The 50 Best Albums Of 2018 (30-21) Even in an era when listeners have been primed to expect the unexpected, the best albums of 2018 are full of surprises: a cascade of discoveries, revelations and artistic rebirths.

The 50 Best Albums Of 2018

Illustration: Angela Hsieh/NPR
NPR Music's 50 Best Albums Of 201
Illustration: Angela Hsieh/NPR

Art is identity, scream these best albums of 2018. Even when it's pure invention. The most striking things we heard this year mined personal experiences that could feel intimate as whispers or bold and overstuffed as superhero science fiction. Even in an era where listeners have been primed for the unexpected, genuine surprises arrived steadily across the last 12 months – a cascade of introductions, breakthroughs, revelations and rebirths to reward whatever precious attention you could give. (Not a huge surprise: Most of them, after the votes from our staff and member station partners were tallied, turned out to have been made by women.) We're happy to share NPR Music's list of the 50 best albums of 2018. You can listen to them here and hear a discussion on the year in music on All Songs Considered. We'll have lots more before the year ends.

Makaya McCraven, Universal Beings
International Anthem

Makaya McCraven

Universal Beings

In 2015, drummer Makaya McCraven released In the Moment, an album lauded by critics as a new direction in modern jazz. The record featured reworkings of live recordings from a band he led over the course of a year at a small club in Chicago. Acclaim has followed McCraven through his career ever since, and he's continued to refine this style of live recording, then remixing his performances.

Universal Beings builds on his strengths by taking the show on the road. Here, McCraven explores not just his own unique drumming style, with added soloists, but some of the most vital jazz scenes of the world: London, Los Angeles, New York and, of course, Chicago. Beyond McCraven's formidable drumming and editing style, this album sounds like the scenes it was created in. The London side is danceable and upbeat. Los Angeles funky and cool. Chicago is hard-hitting and bombastic. New York is esoteric, boppish and heavy on improvisation. In this way, the record functions like a sort of core sample of the current jazz star-date we're living in.

As jazz gains more popularity among younger audiences, McCraven is perfectly poised to help steer the ship. So many fusions of jazz and hip-hop have fallen short in terms of their honoring both genres. It's a beautiful thing to see these energies combine in a way that's so vital. —Matt Fleeger (KMHD)

LISTEN: Makaya McCraven, Universal Beings

Leikeli47, Acrylic
Hardcover / RCA



"Why should the world be over-wise / In counting all our tears and sighs?" 19th-century African-American poet Paul Laurence Dunbar wrote. "Nay, let them only see us, while / We wear the mask." His timeless advice has served Leikeli47 well. On her sophomore outing, she stars as the ski-masked heroine of a hood-chick lit masterpiece more colorful than a rack of nail polish. Acrylic is not a typical LP; it's a choreopoem for colored girls (and discriminating b-boys). Leikeli47's masked anonymity enables her to give voice to a rotating cast of outcasts: the hustlers, the boosters, the teenage lovers, the bishops, the rooks, the baby mamas. A nail salon serves as ground zero for a site-specific exhibit where black America is nearly insulated from white America's racial scapegoating. In this alternate universe, low culture is haute couture for the unapologetic ("Tic Boom," "Post That"), independent women form self-reliant girl gangs ("No Reload," "Girl Blunt") and environmental racism raises hella black fists ("Talkin' To Myself").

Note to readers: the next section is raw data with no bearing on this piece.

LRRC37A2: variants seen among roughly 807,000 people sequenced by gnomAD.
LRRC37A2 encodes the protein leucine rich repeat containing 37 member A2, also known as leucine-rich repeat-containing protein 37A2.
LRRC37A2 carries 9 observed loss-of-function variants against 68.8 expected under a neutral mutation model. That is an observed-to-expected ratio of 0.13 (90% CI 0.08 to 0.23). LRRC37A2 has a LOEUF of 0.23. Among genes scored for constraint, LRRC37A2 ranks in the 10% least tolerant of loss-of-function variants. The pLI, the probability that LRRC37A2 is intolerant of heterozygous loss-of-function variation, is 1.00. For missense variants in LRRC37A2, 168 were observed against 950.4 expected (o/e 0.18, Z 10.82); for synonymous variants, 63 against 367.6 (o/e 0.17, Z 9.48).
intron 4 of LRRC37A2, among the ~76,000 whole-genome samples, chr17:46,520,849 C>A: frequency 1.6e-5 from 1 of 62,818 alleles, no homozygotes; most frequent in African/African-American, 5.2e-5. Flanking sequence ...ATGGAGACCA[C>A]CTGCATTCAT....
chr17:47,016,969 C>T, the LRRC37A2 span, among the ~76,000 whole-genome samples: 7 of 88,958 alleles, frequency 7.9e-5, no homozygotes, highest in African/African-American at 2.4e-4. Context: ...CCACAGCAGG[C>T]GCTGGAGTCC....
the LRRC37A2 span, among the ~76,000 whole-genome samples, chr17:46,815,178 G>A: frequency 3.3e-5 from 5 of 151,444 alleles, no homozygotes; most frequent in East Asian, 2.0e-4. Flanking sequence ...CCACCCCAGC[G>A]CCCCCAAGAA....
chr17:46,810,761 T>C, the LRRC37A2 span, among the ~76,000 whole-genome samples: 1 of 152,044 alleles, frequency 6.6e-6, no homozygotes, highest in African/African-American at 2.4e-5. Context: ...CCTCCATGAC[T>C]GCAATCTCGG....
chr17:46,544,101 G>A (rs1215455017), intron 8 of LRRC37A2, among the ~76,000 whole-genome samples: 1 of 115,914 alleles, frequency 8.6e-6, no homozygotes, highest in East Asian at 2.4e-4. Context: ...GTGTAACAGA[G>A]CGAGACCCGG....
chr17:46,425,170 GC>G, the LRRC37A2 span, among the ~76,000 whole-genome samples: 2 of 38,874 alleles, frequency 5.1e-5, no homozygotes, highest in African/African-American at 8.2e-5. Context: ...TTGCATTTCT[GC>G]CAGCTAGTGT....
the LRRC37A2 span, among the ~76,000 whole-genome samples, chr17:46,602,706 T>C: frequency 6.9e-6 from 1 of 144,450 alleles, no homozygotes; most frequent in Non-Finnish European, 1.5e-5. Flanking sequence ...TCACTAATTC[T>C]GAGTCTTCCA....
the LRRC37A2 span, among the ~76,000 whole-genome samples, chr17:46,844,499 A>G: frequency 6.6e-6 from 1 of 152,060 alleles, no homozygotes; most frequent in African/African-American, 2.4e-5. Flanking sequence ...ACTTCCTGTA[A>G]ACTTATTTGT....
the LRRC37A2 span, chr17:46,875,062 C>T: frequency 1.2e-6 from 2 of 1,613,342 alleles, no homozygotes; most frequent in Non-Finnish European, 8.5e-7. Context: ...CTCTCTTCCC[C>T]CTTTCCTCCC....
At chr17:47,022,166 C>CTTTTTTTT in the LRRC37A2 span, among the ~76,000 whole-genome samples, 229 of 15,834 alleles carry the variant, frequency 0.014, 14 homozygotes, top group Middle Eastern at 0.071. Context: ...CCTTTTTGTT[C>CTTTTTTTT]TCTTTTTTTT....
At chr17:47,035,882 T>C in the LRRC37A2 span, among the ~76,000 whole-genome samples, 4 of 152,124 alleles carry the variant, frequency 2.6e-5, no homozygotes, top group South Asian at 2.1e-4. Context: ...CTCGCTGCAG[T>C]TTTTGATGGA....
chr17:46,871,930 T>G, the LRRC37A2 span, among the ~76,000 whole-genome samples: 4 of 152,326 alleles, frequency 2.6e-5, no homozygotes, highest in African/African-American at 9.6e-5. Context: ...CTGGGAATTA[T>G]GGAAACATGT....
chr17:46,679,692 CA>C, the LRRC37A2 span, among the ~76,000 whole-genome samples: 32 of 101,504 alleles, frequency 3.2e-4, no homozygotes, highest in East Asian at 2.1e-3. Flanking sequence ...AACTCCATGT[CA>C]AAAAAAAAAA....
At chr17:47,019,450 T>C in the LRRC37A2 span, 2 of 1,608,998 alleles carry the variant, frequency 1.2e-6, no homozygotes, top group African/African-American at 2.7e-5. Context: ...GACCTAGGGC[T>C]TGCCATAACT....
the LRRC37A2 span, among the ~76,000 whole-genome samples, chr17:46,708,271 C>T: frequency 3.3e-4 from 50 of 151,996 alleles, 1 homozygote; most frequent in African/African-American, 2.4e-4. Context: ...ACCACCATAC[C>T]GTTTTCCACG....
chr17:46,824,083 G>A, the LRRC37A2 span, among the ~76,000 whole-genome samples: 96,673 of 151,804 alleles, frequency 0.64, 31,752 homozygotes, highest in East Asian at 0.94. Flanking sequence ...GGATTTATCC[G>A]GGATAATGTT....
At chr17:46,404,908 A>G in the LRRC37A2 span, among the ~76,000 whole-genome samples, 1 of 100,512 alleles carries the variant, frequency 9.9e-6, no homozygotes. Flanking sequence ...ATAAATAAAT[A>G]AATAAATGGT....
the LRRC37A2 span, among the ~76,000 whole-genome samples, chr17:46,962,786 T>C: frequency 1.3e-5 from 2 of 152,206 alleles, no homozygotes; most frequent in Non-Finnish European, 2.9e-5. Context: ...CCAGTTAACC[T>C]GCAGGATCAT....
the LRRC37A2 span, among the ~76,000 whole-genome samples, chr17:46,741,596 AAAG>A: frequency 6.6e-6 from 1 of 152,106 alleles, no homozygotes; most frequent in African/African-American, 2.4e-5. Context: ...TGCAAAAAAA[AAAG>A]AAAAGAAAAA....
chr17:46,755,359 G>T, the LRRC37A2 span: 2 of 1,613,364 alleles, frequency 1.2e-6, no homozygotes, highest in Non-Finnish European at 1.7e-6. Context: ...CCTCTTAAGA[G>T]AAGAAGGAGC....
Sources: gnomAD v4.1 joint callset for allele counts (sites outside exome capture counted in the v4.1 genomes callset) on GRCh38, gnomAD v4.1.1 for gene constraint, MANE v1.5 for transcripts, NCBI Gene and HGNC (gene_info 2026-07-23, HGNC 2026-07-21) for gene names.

An L.A.-based hip-hop artist and producer with origins in Brooklyn and Virginia, Leikeli47 is well-versed in the regional lingua franca of the hood. Her dialect shifts like sonic geography, from Caribbean dancehall to Chicago house, Memphis trap to New Orleans bounce, with inflections of R&B, jazz and blues sprinkled in. All the while, she subverts the dominant gaze by crafting counter narratives. On the second verse of "Droppin'," she uses the discarded newborn immortalized in Tupac's teen-pregnancy classic "Brenda's Got A Baby" to contextualize the metaphorical climb from ghetto to fabulous: "I'm the baby from the dumpster / Brenda was my mama / Free lunch in the summers / Now I'm stacking commas." From the salon to the swap meet, Leikeli47 wears the mask so we don't have to. Somewhere, I imagine, Paul Laurence Dunbar is thanking her from beyond the grave. —Rodney Carmichael

LISTEN: Leikeli47, Acrylic

John Prine, The Tree Of Forgiveness
Oh Boy

John Prine

The Tree Of Forgiveness

John Prine is a national treasure. His observations of the day-to-day shed light on those we see and know, including ourselves. He wrote "Summer's End" with his buddy Pat McLaughlin on a Tuesday in Nashville, since Tuesday is the day his favorite lunch place makes meatloaf. And that everyday point of view from a former mailman shapes songs such as "Summer's End," which can easily conjure a few tears. With his gravely, post-cancer voice, John Prine sings of an old love and perfectly captures the passing of time: "I still love that picture of us walkin'," followed by, "Summer's end came faster than we wanted / Come on home."